In the spring of 1959, then-Senator John F. Kennedy delivered a memorable speech in which he made the following observation:
“In the Chinese language, the word crisis is composed of two characters, one representing danger and the other, opportunity.”
Some have pointed out that Kennedy’s translation was imperfect, but I don’t think that takes away from the overall insight: Unusual circumstances often present simultaneously both risk and opportunity.
There’s no question that these are unusual times. The U.S. stock market, which has nearly quadrupled since 2009, is up another 20-plus percent this year and keeps hitting new highs. Meanwhile, in just the past week we have also seen some unnerving political developments: This morning the president’s former National Security Advisor pleaded guilty to making “false, fictitious and fraudulent” statements to the FBI. And, earlier this week, North Korea launched an intercontinental ballistic missile powerful enough to reach the United States.
In short, there is plenty of risk. But, are there any opportunities?
I believe there are. The economy is good, unemployment is low, the stock market is still near all-time highs, and most real estate markets are solid, driven by interest rates that are still near all-time lows. All of this adds up to opportunity. But, it’s also important to remember that economists are notoriously bad at predicting recessions, so this rosy picture could change at any time. Therefore, if there is a financial move you have been considering, I would suggest moving without delay.
While everyone’s situation is unique, here are just a few ideas:
Charitable gifts: If you make regular charitable contributions, you might consider opening a charitable gift fund and donating to it the most highly appreciated of your investments. This will accomplish three things: First, you’ll be able to take advantage of the market highs when the gift fund sells your shares. Second, you will avoid paying any capital gains taxes on those sales. And third, you’ll lock in a charitable deduction for 2017. If Congress succeeds with its tax-cut plan, this could be worth more to you this year than next.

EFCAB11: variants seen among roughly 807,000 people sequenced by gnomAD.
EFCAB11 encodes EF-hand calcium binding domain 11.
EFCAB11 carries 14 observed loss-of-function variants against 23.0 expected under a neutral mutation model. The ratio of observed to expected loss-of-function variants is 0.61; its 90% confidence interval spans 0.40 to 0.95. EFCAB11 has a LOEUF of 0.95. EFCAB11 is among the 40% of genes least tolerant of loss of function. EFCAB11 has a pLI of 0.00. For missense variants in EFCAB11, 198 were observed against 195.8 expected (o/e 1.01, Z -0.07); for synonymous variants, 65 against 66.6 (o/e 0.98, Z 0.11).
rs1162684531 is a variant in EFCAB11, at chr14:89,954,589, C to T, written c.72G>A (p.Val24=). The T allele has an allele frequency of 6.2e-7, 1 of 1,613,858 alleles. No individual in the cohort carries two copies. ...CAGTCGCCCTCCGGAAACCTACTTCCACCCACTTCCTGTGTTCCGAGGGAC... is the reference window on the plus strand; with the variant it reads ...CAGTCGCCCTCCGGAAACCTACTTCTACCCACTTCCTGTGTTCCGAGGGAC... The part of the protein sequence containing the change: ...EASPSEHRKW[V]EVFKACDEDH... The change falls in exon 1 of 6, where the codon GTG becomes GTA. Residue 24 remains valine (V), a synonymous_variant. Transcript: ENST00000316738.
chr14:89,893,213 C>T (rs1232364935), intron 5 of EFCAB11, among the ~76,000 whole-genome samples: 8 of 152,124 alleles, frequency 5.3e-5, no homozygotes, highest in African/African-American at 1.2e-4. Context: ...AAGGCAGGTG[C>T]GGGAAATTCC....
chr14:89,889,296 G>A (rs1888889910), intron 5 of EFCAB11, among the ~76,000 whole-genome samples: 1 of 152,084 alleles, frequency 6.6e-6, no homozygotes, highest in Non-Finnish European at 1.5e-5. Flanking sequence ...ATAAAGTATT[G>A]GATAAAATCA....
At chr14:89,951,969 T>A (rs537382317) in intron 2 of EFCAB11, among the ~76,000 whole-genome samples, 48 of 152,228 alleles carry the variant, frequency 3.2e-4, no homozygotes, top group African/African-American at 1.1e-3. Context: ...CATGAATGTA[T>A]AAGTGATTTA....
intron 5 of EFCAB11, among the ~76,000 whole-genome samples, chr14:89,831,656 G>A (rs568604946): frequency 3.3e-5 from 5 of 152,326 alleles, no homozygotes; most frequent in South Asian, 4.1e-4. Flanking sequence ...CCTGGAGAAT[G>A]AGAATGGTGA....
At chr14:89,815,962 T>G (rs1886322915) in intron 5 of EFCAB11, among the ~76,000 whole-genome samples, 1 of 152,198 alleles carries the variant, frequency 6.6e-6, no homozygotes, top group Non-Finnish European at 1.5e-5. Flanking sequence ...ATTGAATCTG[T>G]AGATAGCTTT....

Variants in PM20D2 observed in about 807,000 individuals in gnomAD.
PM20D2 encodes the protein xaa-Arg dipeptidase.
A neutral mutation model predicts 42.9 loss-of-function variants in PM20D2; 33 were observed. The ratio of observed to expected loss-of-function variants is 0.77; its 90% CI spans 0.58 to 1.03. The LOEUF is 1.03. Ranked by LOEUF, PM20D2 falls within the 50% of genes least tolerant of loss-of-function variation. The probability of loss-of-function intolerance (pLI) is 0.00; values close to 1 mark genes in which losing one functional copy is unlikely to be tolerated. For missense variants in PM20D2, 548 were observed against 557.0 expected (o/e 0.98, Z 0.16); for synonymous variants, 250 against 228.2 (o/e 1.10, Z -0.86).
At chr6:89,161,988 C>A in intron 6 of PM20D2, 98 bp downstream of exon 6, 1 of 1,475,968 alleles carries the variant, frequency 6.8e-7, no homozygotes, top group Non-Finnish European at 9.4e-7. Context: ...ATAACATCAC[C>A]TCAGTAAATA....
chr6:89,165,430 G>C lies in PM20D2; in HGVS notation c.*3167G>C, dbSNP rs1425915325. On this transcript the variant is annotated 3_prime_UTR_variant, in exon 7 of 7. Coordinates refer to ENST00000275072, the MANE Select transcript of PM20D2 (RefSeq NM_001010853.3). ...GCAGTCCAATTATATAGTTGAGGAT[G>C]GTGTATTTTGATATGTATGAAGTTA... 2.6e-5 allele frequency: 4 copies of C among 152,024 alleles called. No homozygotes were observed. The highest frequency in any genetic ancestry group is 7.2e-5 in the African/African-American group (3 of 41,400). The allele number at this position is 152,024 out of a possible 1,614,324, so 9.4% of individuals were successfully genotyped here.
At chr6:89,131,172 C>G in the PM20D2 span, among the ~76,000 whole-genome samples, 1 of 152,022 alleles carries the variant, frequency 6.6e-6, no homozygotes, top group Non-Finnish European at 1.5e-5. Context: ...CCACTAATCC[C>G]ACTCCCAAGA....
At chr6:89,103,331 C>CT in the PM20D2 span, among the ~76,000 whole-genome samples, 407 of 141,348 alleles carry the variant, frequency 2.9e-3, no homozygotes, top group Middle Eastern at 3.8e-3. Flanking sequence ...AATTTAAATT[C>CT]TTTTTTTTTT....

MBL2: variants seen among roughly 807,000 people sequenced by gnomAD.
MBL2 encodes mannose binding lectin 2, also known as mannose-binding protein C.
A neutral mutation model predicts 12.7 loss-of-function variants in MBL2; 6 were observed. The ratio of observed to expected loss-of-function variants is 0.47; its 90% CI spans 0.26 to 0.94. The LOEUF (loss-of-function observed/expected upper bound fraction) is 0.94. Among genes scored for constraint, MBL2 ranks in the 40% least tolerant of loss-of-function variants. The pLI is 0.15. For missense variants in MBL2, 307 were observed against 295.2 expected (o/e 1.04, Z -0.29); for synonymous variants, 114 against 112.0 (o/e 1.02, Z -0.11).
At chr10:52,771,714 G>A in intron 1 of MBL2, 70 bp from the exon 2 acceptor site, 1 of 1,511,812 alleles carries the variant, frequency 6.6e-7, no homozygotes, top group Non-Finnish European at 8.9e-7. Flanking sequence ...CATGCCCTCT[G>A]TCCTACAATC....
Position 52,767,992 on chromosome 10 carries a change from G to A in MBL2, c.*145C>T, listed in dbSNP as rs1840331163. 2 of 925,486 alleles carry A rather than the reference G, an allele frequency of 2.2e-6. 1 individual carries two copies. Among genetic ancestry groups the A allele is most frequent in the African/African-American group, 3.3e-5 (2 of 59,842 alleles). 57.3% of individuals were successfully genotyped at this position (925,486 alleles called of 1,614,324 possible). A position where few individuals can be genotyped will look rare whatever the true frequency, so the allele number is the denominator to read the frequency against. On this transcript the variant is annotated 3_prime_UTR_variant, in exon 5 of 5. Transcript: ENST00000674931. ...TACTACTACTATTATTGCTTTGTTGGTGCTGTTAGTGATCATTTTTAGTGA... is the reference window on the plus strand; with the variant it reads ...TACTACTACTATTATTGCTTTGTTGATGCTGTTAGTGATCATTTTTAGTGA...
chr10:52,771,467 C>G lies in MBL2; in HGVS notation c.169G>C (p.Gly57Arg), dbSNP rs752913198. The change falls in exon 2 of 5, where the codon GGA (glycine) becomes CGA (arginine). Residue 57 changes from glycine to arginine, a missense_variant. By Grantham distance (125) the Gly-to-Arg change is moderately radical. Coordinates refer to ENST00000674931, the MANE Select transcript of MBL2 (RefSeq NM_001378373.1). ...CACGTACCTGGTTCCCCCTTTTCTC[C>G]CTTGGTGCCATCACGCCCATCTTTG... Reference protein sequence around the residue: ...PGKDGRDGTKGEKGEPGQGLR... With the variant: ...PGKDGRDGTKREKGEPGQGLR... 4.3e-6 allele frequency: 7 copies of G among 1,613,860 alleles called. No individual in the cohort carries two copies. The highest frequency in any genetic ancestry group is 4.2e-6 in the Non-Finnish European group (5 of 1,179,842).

Home financing: If you are considering refinancing your home or opening a home equity line of credit, do it now. Not only will you be able to take advantage of today’s low interest rates, but as a general rule, it’s always best to line up credit when you don’t need it.
Downsizing: If you are considering downsizing your home, you might consider doing it sooner rather than later. A solid real estate market should provide you with a good price on your sale, and you’ll be able to lock in a low interest rate on your new purchase. Also, to the extent that Congress succeeds in limiting the tax deductibility of real estate taxes or mortgage interest, or both, the prices of larger, more expensive homes might be impacted more.
Investment risk: If you haven’t reviewed your investment accounts recently, I would conduct a risk review. Go account by account, making sure that your current holdings are aligned with your current needs. If you are closer to retirement, or if your children are closer to college, than when you last reviewed things, it might be time to dial back on risk.
If you have questions about any of these, please just let me know.